The migrant crisis in Europe is a phenomenon we are all aware of. However, living across the Atlantic, it is difficult to understand its role in one of the biggest decisions made in Great Britain.
The shocking referendum to leave the European Union is a consequence of a larger problem, one that many have decided to turn a blind eye on.
The Syrian Civil War has been ongoing since 2011, killing at least 400,000 and displacing more than 14 million (with five million who have escaped the country). The majority of those leaving look to Europe for asylum. The role the EU has played in the refugee crisis aided Britain’s right wing.
Germany, the largest economy in Europe, has already pledged to take more than one million refugees—mounting pressure on other opulent countries in the continent to do the same. The intake of refugees in the German dominated European Union has challenged Great Britain’s control of its own borders, or so the argument goes.
The relaxed border laws of the European Union have been vividly criticized by the British right wing, with the UK Independence Party leader Nigel Farage even calling the European Union a “Political Union” which achieved such power through “deception and lies.” To his defense, the slack border laws of the European Union have allowed for terrorists to move in between countries with ease, facilitating the November Paris attacks.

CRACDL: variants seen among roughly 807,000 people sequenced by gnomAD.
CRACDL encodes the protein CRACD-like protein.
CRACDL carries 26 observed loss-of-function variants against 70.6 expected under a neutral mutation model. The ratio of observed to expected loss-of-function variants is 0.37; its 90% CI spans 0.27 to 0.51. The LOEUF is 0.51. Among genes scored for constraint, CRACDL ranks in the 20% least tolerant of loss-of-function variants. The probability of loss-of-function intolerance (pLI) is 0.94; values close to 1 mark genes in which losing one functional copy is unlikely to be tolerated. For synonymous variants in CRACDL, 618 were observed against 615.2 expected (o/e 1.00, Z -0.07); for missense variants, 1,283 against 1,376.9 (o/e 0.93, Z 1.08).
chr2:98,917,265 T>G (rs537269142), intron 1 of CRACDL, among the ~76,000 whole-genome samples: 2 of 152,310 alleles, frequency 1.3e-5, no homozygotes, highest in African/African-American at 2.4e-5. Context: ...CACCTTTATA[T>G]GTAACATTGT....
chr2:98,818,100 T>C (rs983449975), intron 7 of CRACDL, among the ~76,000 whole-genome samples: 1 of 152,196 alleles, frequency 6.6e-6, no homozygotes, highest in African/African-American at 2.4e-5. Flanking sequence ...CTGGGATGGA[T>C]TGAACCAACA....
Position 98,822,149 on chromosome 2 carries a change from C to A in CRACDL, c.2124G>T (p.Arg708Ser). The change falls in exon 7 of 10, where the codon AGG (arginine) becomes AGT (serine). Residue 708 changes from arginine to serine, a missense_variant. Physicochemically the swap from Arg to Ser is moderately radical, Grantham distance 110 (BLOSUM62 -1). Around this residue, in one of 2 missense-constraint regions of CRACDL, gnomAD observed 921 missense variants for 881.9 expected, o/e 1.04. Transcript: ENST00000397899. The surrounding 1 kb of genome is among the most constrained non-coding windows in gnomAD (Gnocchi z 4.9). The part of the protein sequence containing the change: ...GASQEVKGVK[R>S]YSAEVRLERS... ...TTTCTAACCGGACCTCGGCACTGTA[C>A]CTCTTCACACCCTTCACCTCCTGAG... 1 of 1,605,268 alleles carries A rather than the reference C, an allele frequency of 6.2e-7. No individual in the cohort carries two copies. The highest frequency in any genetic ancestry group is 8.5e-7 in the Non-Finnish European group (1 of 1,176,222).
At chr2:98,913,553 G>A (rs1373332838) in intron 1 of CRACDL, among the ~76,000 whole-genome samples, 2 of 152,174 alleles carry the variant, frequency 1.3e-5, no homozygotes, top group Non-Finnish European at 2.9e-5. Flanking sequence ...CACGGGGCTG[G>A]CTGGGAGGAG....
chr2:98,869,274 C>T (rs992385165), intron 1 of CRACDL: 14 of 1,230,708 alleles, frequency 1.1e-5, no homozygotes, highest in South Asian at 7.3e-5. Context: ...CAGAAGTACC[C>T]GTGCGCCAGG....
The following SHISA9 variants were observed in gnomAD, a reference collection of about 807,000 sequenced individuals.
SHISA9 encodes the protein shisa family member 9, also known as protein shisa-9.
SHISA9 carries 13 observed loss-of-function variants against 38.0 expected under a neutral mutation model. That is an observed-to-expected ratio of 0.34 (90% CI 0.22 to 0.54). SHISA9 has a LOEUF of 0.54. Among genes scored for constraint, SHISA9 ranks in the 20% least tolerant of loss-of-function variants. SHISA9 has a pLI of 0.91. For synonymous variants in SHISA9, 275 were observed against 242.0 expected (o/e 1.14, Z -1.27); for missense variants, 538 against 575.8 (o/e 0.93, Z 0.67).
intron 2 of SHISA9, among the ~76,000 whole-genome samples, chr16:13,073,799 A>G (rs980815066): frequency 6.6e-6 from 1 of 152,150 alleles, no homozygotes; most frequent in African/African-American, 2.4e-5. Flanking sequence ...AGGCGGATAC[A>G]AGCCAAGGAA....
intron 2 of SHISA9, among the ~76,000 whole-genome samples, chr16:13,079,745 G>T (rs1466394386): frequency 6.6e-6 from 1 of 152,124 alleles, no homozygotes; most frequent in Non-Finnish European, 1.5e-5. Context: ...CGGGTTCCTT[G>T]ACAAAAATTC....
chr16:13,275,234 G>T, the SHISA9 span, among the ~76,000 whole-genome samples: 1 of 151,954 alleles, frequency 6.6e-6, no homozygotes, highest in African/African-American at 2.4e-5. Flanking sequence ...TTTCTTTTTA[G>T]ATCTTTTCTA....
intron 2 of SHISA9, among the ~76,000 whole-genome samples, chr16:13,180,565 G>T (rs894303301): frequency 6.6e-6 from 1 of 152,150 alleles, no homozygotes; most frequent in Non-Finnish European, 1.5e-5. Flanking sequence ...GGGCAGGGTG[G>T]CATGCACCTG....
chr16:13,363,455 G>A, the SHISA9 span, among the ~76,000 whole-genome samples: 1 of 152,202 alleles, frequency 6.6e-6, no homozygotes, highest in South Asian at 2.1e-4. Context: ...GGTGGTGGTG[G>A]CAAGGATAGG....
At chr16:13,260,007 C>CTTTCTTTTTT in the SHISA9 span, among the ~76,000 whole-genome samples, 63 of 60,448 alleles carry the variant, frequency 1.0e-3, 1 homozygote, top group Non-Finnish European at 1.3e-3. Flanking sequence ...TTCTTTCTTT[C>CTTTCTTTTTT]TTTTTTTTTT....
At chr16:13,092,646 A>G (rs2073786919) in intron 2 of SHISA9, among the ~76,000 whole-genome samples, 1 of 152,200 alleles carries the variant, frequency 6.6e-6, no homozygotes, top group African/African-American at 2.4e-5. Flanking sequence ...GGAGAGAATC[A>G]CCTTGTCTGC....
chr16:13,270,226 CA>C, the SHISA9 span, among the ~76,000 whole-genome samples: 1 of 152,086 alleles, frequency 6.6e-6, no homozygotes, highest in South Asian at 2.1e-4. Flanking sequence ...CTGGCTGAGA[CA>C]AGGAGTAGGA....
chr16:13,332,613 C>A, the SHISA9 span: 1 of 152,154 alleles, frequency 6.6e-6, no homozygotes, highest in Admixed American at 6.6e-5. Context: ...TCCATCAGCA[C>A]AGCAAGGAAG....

The biggest mistake any country has made however, has been ignoring the source of the problem: the reason why there is an Arab diaspora in the first place. The brutal dictatorship which has oppressed millions in Syria has managed to survive by the skin of its teeth (and a little help from Russia). The lack of support for rebel groups fighting the Syrian government, especially from nations which controlled the area in the past and created its current borders, has enabled the Syrian government to crush the moderate opposition and brand all dissidents as radical Islamists and terrorists.
The longer the world abstains from aiding moderate rebel groups such as the YPG (People’s Protection Unit), FSA (Free Syrian Army) and SDF (Syrian Democratic Forces), the blurrier the lines become between rebel groups as they try to keep up with military losses while the Assad regime is kept afloat by Vladimir Putin.
The negligence of the war in Syria by Western powers has become the catalyst for a humanitarian catastrophe and in part for the weakening of the largest economic and political union on Earth. The longer the world waits to intervene, the greater the cost of Syria’s war will be in the long run.